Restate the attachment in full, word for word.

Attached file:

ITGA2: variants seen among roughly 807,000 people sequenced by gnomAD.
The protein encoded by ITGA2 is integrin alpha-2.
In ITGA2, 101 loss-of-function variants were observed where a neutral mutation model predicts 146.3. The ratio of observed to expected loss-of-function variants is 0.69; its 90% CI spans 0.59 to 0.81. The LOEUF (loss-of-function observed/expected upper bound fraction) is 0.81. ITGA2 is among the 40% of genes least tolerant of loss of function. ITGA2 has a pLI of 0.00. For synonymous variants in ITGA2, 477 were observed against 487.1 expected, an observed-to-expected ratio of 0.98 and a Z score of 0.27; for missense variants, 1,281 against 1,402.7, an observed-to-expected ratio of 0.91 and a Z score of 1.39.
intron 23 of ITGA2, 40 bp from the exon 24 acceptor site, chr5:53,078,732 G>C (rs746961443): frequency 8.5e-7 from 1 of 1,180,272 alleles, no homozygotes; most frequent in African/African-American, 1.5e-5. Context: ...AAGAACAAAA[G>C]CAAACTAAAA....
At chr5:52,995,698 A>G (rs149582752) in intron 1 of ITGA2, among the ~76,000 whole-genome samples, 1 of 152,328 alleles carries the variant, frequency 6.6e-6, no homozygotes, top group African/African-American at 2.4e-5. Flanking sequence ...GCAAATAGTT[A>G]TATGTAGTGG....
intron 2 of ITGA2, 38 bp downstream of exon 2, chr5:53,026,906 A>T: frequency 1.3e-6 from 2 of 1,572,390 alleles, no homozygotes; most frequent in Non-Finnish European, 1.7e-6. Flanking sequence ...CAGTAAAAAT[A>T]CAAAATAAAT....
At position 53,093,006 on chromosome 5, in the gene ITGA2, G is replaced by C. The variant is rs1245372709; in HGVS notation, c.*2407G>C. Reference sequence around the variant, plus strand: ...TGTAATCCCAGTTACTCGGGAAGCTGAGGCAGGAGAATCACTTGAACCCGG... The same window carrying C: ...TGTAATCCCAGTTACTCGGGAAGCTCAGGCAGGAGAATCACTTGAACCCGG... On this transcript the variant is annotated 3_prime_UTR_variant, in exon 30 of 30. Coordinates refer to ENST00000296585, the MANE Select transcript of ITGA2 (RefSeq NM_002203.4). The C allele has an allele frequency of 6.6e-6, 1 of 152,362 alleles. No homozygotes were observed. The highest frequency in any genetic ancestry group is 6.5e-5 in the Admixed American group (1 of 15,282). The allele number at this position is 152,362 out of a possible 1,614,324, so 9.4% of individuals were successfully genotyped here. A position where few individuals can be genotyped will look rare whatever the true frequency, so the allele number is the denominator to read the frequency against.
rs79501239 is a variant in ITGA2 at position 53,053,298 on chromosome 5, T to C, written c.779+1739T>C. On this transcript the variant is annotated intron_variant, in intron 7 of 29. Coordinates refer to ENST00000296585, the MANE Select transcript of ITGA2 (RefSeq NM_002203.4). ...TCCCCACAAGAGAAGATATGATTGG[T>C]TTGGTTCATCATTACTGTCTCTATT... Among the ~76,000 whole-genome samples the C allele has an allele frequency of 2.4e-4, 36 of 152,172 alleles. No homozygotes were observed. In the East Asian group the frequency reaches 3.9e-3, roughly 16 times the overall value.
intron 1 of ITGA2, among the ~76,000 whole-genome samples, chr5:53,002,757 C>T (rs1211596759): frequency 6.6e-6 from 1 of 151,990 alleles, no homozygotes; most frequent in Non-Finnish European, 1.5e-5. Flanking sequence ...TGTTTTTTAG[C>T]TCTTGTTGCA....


ITGA2: variants seen among roughly 807,000 people sequenced by gnomAD.
The protein encoded by ITGA2 is integrin alpha-2.
In ITGA2, 101 loss-of-function variants were observed where a neutral mutation model predicts 146.3. The ratio of observed to expected loss-of-function variants is 0.69; its 90% CI spans 0.59 to 0.81. The LOEUF (loss-of-function observed/expected upper bound fraction) is 0.81. ITGA2 is among the 40% of genes least tolerant of loss of function. ITGA2 has a pLI of 0.00. For synonymous variants in ITGA2, 477 were observed against 487.1 expected, an observed-to-expected ratio of 0.98 and a Z score of 0.27; for missense variants, 1,281 against 1,402.7, an observed-to-expected ratio of 0.91 and a Z score of 1.39.
intron 23 of ITGA2, 40 bp from the exon 24 acceptor site, chr5:53,078,732 G>C (rs746961443): frequency 8.5e-7 from 1 of 1,180,272 alleles, no homozygotes; most frequent in African/African-American, 1.5e-5. Context: ...AAGAACAAAA[G>C]CAAACTAAAA....
At chr5:52,995,698 A>G (rs149582752) in intron 1 of ITGA2, among the ~76,000 whole-genome samples, 1 of 152,328 alleles carries the variant, frequency 6.6e-6, no homozygotes, top group African/African-American at 2.4e-5. Flanking sequence ...GCAAATAGTT[A>G]TATGTAGTGG....
intron 2 of ITGA2, 38 bp downstream of exon 2, chr5:53,026,906 A>T: frequency 1.3e-6 from 2 of 1,572,390 alleles, no homozygotes; most frequent in Non-Finnish European, 1.7e-6. Flanking sequence ...CAGTAAAAAT[A>T]CAAAATAAAT....
At position 53,093,006 on chromosome 5, in the gene ITGA2, G is replaced by C. The variant is rs1245372709; in HGVS notation, c.*2407G>C. Reference sequence around the variant, plus strand: ...TGTAATCCCAGTTACTCGGGAAGCTGAGGCAGGAGAATCACTTGAACCCGG... The same window carrying C: ...TGTAATCCCAGTTACTCGGGAAGCTCAGGCAGGAGAATCACTTGAACCCGG... On this transcript the variant is annotated 3_prime_UTR_variant, in exon 30 of 30. Coordinates refer to ENST00000296585, the MANE Select transcript of ITGA2 (RefSeq NM_002203.4). The C allele has an allele frequency of 6.6e-6, 1 of 152,362 alleles. No homozygotes were observed. The highest frequency in any genetic ancestry group is 6.5e-5 in the Admixed American group (1 of 15,282). The allele number at this position is 152,362 out of a possible 1,614,324, so 9.4% of individuals were successfully genotyped here. A position where few individuals can be genotyped will look rare whatever the true frequency, so the allele number is the denominator to read the frequency against.
rs79501239 is a variant in ITGA2 at position 53,053,298 on chromosome 5, T to C, written c.779+1739T>C. On this transcript the variant is annotated intron_variant, in intron 7 of 29. Coordinates refer to ENST00000296585, the MANE Select transcript of ITGA2 (RefSeq NM_002203.4). ...TCCCCACAAGAGAAGATATGATTGG[T>C]TTGGTTCATCATTACTGTCTCTATT... Among the ~76,000 whole-genome samples the C allele has an allele frequency of 2.4e-4, 36 of 152,172 alleles. No homozygotes were observed. In the East Asian group the frequency reaches 3.9e-3, roughly 16 times the overall value.
intron 1 of ITGA2, among the ~76,000 whole-genome samples, chr5:53,002,757 C>T (rs1211596759): frequency 6.6e-6 from 1 of 151,990 alleles, no homozygotes; most frequent in Non-Finnish European, 1.5e-5. Flanking sequence ...TGTTTTTTAG[C>T]TCTTGTTGCA....